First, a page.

• The writers of the show did apologize, and I accept that apology on behalf of myself.  No, it’s not possible to always know what you’re doing will be horribly offensive.  It should not ruin you forever.  (Unless you are the former CEO of Lululemon.  As Colbert puts it, “hirarious.“)
  • The media is equally disappointing with their headlines of “racism claims” (thanks CBS News and Entertainment Weekly), and “people up in arms” (thanks CNN). This backlash is not imagined and it’s not overreaction, but thank you for your amazing journalism that is perpetuating this problem.  I’m sorry you’re not sorry.
  • The most disappointing part is that the episode had to be implicitly approved by MANY MANY people before it got made and aired.  This means large numbers of people were aware that this could possibly be really offensive…and still okayed it.  Neil Patrick Harris had to OK it.  Allyson Hannigan had to OK it.  The writers and producers and all other actors thought it was OK.
  • This is most disappointing because it really highlights the pervasiveness of this sentiment that it’s “just a joke.”  Oh hey, btw, my life and my experience has not all been A+ and piano competitions, and my experiences are not “just” a joke.  OK, maybe it has been a bunch of A+’s and piano competitions.  And that’s funny.  But the joke is definitely so much more complex.

Now here’s something that will certainly get me some shit.  I don’t watch HIMYM.  I was going to start, because I got the DVD set as a gift.  I’ve seen a few episodes, and they were funny.  And you know what, since I didn’t find those episodes particularly offensive, I acknowledge that I too am part of the broken system.

I am not perfect, and I say offensive ignorant things.  Usually, they stay with me for years, and I can’t get over how offensive they are and why they ever left my mouth.  I once tried to join a conversation with a Peruvian girl from my MBA class by talking about these great pupusas I had recently eaten.  Which are Salvadorian.  And she looked at me like I was the dumbest piece of crap ever.  What I meant to say was that the restaurant I went to also had Peruvian dishes.  It was way too late to recover from that, so instead I just shut up and melted into the ground.  I remember the incident every single time that she is tagged in friends’ Facebook posts.

But I learn.  And this takes me to the examples of people who are NOT LEARNING.  As a teacher, this infuriates me.

What “non-other” people said

As you may have seen, the website Public Shaming does a lot to highlight the terrible things that are said on Twitter. I’m a little surprised and disappointed that this topic has not hit their radar.  There are positive tweets, and there are people learning from this.  There is much discussion that wasn’t there before (even as of last night at 7PM).

Why am I sharing these negative tweets and opening myself up to flaming attacks?  Because they hurt me.  Personally.  Because people are not learning, they are just accepting that Santa Claus is white.  (Because he just is.  And because I feel uncomfortable doesn’t mean that things have to change.)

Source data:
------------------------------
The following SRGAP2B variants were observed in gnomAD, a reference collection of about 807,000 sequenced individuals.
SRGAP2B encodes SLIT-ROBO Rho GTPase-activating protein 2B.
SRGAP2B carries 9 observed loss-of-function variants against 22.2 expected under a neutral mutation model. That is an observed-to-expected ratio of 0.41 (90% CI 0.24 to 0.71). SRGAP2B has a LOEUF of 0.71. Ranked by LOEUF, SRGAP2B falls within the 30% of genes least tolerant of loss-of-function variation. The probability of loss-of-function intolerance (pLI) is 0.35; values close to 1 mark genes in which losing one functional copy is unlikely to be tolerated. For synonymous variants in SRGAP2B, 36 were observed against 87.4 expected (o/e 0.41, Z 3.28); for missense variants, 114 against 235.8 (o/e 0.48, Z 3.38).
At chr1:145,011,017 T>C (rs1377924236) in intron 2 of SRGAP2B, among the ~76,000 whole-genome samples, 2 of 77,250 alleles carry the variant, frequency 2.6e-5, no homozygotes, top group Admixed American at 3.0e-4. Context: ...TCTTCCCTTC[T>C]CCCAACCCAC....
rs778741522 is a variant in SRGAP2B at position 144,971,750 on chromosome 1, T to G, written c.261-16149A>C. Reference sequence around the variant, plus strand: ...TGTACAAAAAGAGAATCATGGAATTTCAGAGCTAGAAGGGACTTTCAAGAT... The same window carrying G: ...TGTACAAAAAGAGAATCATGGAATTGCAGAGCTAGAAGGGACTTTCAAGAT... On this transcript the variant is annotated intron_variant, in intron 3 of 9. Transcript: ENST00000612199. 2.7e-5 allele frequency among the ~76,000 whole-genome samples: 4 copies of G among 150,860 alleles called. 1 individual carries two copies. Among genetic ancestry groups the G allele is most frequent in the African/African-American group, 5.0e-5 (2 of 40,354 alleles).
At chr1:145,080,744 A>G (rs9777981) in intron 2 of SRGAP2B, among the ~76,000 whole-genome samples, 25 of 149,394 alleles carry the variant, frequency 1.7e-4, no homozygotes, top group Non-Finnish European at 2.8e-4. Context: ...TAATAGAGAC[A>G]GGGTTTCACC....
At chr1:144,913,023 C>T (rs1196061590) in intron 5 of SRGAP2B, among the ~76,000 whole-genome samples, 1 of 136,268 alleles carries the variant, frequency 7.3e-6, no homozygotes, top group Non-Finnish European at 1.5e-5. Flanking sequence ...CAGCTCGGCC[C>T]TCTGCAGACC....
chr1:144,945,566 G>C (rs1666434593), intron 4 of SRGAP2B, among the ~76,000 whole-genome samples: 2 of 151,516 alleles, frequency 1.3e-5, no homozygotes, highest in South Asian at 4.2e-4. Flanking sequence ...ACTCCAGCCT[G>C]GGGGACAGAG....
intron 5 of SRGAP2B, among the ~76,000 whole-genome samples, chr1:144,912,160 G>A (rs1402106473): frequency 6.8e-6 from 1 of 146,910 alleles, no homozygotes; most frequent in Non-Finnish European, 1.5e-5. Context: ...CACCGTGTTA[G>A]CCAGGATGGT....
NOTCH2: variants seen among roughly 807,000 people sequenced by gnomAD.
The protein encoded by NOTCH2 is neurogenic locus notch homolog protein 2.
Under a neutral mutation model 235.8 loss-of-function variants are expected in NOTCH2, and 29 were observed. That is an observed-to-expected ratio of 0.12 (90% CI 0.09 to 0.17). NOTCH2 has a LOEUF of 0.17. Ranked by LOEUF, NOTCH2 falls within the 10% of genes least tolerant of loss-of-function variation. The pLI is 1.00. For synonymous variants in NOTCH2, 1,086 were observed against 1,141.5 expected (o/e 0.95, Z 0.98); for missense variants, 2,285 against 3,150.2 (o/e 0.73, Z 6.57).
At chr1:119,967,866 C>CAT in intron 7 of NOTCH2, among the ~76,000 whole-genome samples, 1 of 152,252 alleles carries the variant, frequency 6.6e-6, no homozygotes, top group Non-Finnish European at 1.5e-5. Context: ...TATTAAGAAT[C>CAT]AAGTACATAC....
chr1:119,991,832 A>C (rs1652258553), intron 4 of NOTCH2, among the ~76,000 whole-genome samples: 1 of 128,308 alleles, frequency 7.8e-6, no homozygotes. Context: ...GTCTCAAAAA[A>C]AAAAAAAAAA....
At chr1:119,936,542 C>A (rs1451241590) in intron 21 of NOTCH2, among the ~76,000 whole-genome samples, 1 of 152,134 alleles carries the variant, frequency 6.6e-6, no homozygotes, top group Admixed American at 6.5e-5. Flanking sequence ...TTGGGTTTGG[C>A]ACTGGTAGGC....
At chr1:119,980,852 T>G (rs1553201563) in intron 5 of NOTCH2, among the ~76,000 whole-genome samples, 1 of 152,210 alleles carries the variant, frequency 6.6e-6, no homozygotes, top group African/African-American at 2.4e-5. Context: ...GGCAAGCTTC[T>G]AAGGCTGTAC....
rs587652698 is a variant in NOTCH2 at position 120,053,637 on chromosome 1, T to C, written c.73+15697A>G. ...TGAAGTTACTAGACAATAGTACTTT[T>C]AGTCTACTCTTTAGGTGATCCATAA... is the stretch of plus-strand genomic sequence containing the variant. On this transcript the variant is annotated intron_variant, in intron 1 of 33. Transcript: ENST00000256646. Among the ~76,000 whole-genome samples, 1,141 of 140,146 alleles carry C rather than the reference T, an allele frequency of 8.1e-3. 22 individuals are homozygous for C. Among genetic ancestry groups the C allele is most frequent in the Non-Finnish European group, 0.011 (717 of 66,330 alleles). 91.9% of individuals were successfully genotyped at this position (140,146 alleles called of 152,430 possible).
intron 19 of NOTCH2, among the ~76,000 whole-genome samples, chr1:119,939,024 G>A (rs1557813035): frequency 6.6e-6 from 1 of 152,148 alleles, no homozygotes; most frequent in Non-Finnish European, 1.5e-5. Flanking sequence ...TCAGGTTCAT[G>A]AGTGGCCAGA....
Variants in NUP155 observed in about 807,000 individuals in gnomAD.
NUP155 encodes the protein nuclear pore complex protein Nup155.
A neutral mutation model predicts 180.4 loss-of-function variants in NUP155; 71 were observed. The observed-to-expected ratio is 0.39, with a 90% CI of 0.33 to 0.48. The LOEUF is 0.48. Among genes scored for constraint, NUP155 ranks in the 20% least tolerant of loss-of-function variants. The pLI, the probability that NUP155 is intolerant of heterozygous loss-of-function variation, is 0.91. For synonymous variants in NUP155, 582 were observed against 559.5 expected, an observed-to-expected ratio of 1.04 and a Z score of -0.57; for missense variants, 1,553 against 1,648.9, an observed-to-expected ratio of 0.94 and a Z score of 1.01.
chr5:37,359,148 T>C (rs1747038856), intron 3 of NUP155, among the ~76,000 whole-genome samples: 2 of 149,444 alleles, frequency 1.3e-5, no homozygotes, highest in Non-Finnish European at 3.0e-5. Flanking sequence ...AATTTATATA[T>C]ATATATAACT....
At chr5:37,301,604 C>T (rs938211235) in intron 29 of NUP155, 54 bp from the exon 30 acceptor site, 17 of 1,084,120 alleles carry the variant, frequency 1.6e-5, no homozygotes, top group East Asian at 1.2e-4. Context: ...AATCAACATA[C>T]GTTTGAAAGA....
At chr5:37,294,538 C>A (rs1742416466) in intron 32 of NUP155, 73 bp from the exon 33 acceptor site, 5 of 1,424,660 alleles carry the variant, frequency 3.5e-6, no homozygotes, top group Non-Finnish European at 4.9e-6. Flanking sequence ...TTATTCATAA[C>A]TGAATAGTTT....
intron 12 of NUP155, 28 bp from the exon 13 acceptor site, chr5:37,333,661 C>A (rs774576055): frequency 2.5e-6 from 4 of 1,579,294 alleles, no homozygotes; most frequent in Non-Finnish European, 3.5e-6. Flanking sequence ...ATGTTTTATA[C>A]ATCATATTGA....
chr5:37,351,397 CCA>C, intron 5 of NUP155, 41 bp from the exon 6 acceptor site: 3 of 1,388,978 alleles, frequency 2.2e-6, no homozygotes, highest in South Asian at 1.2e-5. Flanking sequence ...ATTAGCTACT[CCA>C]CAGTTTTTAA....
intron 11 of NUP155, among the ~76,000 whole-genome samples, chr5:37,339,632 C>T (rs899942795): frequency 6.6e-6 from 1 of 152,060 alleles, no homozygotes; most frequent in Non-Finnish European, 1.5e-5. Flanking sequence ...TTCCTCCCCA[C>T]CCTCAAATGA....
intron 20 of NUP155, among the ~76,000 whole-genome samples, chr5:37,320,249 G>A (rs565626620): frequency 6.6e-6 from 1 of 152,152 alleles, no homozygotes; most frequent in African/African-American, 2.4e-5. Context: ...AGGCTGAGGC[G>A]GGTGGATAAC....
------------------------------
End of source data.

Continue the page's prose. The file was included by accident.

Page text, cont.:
A few ground rules that would really help me out:

  1. Please do not flame or engage with these people on Twitter.  It’s not going to help them learn.  They will learn when they’re ready to learn.
  2. Don’t flame me for being personally hurt.  Engage me in conversation to help me learn.

I don’t understand how I am a racist for not thinking that kimonos and kung fu even start to describe my entire culture.  Or, as I tweeted yesterday, culture-S.  We are not one culture.  We are many cultures.  Also…I do not think that word means what you think it means.

Why yes, I cried at home over how mean CBS was.  Mean mean mean!  I’m going to tell my mommy!  Then kung-fu everyone!

Let me grow some balls now, because balls will make me more relevant.

OK, we’re not the MOST oppressed people.  Hey Asians, let’s go out and pick on those who are more oppressed than us!  (Also, jealous much of our “success?”) UPDATED to add:  He’s a burgeoning “comedian”, according to his Twitter profile.  I hope he doesn’t use these jokes.


Actually this is 100% why I don’t watch Big Bang Theory.  Because it’s not smart, and it doesn’t actually say anything about smart people that pushes the envelope of cultural truth.

Nope, not offended by Kill Bill.  Now THAT was an homage.

Um, YES.  We are ALREADY saying that.  Which didn’t stop me from being shocked when I drove up to the drive-thru window of the Dunkin’ Donuts on Thanksgiving day to see all the girls serving coffee with paper feathers and headbands with the Dunkin Donuts logo.  Oh…my…god…justdriveawaywiththecoffee…

That’s the LAST STRAW.  Now you’re making fun of us because we’re short?!?!

Thanks for listening, and hopefully learning.  You don’t need to tiptoe around me with race jokes.  Race jokes and racist jokes are different. Above all things, know your audience.  (And that is definitely a different post for a different day.)